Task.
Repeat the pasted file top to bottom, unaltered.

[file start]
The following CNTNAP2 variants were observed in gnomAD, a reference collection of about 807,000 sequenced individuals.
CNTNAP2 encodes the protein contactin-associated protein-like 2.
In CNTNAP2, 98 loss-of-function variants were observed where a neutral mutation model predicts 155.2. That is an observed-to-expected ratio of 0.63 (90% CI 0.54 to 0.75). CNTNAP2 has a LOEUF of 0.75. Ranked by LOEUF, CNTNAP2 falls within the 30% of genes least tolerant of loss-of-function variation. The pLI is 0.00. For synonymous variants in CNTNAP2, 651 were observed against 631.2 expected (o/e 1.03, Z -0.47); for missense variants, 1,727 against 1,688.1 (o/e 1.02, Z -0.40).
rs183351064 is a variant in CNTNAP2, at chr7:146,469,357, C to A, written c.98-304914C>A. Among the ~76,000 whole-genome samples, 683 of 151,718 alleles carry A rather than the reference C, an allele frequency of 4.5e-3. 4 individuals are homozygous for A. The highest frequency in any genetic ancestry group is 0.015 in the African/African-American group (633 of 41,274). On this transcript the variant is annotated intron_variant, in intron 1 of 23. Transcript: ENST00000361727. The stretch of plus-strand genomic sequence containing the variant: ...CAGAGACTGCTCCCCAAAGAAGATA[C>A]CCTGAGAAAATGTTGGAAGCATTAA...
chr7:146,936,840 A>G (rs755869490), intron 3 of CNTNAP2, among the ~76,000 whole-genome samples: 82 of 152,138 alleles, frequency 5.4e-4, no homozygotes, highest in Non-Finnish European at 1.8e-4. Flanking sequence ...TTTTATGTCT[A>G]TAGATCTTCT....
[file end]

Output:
The following CNTNAP2 variants were observed in gnomAD, a reference collection of about 807,000 sequenced individuals.
CNTNAP2 encodes the protein contactin-associated protein-like 2.
In CNTNAP2, 98 loss-of-function variants were observed where a neutral mutation model predicts 155.2. That is an observed-to-expected ratio of 0.63 (90% CI 0.54 to 0.75). CNTNAP2 has a LOEUF of 0.75. Ranked by LOEUF, CNTNAP2 falls within the 30% of genes least tolerant of loss-of-function variation. The pLI is 0.00. For synonymous variants in CNTNAP2, 651 were observed against 631.2 expected (o/e 1.03, Z -0.47); for missense variants, 1,727 against 1,688.1 (o/e 1.02, Z -0.40).
rs183351064 is a variant in CNTNAP2, at chr7:146,469,357, C to A, written c.98-304914C>A. Among the ~76,000 whole-genome samples, 683 of 151,718 alleles carry A rather than the reference C, an allele frequency of 4.5e-3. 4 individuals are homozygous for A. The highest frequency in any genetic ancestry group is 0.015 in the African/African-American group (633 of 41,274). On this transcript the variant is annotated intron_variant, in intron 1 of 23. Transcript: ENST00000361727. The stretch of plus-strand genomic sequence containing the variant: ...CAGAGACTGCTCCCCAAAGAAGATA[C>A]CCTGAGAAAATGTTGGAAGCATTAA...
chr7:146,936,840 A>G (rs755869490), intron 3 of CNTNAP2, among the ~76,000 whole-genome samples: 82 of 152,138 alleles, frequency 5.4e-4, no homozygotes, highest in Non-Finnish European at 1.8e-4. Flanking sequence ...TTTTATGTCT[A>G]TAGATCTTCT....